Nabil Elderkin for TIME

This year, I met Abel Tesfaye, who performs as the Weeknd, at an Oscars party. He said I would be excited when I heard his new album, After Hours, but didn’t tell me why. That seemed to sum him up. He’s a mysterious figure in an era when mystery is rare in pop. And you never know what to expect next. He plays with personae in his music and presentation: on the After Hours cover, he’s dripping in blood; you’re never sure if he’s singing about himself, or if he’s in character. He’s got an incredible imagination.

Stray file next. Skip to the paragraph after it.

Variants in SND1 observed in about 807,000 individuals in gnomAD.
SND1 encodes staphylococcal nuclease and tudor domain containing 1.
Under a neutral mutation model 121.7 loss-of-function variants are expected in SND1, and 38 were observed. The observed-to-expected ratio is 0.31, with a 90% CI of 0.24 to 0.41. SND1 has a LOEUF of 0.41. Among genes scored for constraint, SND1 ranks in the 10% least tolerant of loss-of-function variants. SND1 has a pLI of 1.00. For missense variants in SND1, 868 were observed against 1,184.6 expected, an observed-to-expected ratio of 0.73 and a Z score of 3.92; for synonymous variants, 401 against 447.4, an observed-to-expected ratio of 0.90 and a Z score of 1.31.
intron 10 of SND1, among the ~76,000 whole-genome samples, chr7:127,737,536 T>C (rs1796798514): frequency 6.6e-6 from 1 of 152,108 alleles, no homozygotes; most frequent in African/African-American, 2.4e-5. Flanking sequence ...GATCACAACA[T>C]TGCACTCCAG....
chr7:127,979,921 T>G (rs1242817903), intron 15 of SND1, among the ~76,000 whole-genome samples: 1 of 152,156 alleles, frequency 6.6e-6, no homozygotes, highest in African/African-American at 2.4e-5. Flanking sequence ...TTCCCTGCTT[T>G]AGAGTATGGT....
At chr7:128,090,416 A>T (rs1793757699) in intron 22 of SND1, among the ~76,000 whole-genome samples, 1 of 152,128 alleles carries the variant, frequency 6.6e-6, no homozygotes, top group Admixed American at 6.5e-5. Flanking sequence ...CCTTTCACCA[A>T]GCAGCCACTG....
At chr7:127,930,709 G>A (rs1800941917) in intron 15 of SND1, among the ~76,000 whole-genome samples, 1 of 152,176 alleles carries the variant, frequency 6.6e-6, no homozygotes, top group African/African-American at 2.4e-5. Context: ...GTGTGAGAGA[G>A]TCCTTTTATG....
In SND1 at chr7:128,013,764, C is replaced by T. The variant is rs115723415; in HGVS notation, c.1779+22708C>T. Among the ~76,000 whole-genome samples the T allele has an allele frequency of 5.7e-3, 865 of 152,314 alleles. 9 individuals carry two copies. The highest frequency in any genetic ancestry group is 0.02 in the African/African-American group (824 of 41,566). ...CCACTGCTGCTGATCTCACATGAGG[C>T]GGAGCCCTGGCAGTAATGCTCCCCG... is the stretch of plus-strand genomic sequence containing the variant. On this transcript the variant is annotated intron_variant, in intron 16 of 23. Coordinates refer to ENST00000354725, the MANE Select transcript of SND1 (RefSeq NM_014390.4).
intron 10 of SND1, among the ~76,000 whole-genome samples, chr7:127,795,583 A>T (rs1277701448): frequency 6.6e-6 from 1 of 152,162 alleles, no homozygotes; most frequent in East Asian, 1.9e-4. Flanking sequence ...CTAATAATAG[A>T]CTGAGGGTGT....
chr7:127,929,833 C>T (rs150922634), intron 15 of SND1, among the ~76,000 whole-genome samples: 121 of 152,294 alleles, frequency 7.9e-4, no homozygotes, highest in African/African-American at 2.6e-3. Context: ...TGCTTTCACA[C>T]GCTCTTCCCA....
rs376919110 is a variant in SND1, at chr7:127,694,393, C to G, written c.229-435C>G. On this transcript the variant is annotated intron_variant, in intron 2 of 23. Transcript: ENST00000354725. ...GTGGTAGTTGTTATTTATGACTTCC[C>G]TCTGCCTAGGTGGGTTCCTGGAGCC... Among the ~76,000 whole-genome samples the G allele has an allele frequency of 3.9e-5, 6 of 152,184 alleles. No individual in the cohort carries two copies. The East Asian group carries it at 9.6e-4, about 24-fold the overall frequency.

It turned out he’d used the chorus of “Your Song” on a track called “Scared to Live”—he was right, I was excited—but he’ll also sample the Smiths and Ethiopian singer Aster Aweke. “Blinding Lights” is 2020’s best pop single, very ’80s-influenced, but it’s from an album that’s otherwise very introspective. He has so many different types of music tucked up his sleeve that he incorporates into his vision. He’s not interested in commerciality for commerciality’s sake, but he’s one of the biggest-streaming artists on Spotify. Like Prince, he marches to his own beat. That’s an exemplary way for an artist to be.

John is a Grammy-, Tony- and Academy Award-winning singer-songwriter

Buy a print of TIME’s The Weeknd cover.

The Weeknd was part of TIME’s 2018 Next Generation Leaders series.

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